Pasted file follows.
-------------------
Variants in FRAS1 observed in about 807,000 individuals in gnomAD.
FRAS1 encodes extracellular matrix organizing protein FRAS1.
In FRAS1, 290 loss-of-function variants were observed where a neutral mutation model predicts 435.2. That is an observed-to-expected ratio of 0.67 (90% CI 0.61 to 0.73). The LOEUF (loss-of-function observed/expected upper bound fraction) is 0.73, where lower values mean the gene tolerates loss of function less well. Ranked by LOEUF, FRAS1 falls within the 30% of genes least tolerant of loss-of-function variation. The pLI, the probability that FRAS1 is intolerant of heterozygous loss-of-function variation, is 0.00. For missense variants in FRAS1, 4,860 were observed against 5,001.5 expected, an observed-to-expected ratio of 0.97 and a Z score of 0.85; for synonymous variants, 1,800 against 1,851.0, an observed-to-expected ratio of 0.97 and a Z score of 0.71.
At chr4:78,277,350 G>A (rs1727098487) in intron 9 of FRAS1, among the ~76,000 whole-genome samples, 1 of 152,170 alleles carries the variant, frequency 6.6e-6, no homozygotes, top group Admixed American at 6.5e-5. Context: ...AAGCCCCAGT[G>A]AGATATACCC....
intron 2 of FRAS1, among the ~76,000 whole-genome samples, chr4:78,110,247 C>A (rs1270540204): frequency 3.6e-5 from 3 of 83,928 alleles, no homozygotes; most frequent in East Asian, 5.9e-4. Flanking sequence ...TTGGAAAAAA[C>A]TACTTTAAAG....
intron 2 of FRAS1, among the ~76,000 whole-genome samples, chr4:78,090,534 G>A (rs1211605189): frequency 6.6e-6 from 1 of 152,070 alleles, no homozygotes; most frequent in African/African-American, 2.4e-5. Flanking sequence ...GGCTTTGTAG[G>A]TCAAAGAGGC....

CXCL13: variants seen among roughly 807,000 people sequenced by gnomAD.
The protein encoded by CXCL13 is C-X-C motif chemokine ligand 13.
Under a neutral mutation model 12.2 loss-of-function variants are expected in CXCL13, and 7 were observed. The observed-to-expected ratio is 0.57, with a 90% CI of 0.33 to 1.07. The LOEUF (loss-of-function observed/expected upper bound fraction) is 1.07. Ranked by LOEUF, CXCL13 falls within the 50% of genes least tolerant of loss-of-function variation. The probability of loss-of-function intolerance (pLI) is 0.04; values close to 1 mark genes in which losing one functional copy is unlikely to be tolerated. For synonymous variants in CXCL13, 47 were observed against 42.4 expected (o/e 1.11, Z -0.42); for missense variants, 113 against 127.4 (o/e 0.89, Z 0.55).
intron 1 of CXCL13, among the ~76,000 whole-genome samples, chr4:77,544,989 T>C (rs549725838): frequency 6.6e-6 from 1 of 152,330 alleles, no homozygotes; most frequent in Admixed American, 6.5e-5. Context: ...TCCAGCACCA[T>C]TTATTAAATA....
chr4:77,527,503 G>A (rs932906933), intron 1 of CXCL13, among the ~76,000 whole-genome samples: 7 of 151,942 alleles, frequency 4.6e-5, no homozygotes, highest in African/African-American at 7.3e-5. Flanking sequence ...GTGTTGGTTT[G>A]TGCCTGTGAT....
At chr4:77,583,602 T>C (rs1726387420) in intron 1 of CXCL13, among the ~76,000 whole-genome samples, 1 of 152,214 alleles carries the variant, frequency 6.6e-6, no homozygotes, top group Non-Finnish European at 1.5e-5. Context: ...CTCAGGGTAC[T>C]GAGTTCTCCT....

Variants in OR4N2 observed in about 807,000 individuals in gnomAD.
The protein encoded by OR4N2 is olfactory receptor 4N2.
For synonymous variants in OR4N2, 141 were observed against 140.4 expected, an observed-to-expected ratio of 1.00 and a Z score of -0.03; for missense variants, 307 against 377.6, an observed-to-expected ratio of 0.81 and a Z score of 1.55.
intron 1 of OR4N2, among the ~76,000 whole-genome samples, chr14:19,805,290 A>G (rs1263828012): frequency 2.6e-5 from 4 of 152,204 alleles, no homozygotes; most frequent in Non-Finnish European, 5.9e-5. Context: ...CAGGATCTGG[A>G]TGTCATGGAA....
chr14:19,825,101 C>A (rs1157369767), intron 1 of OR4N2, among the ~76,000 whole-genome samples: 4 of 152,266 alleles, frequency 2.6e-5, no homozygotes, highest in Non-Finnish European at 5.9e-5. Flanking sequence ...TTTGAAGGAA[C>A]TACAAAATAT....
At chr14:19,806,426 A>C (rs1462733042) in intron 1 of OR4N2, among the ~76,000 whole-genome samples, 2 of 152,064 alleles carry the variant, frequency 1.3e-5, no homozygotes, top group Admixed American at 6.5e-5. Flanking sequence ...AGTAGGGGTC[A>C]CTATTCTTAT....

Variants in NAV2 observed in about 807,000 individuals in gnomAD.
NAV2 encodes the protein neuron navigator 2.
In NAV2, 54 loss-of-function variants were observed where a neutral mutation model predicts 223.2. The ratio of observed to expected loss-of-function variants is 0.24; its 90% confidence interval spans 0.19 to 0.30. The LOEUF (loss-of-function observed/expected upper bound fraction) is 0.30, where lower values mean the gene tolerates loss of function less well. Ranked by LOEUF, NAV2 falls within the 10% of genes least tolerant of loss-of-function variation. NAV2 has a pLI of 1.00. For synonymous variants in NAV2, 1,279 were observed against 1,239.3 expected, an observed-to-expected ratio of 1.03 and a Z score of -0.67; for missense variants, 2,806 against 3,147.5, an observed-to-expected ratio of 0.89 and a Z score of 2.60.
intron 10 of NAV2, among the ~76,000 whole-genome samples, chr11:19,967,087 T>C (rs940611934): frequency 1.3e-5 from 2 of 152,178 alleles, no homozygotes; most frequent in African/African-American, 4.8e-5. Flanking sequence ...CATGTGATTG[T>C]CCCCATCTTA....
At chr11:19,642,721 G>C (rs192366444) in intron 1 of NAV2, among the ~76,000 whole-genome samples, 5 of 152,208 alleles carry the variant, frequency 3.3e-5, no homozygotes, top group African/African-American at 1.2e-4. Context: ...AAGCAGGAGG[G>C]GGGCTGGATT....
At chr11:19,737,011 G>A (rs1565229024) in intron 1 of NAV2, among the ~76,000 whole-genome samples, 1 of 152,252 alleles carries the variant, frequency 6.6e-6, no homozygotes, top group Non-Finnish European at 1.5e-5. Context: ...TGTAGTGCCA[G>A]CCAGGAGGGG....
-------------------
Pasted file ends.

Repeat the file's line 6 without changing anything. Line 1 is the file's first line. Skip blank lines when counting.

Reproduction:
intron 2 of FRAS1, among the ~76,000 whole-genome samples, chr4:78,090,534 G>A (rs1211605189): frequency 6.6e-6 from 1 of 152,070 alleles, no homozygotes; most frequent in African/African-American, 2.4e-5. Flanking sequence ...GGCTTTGTAG[G>A]TCAAAGAGGC....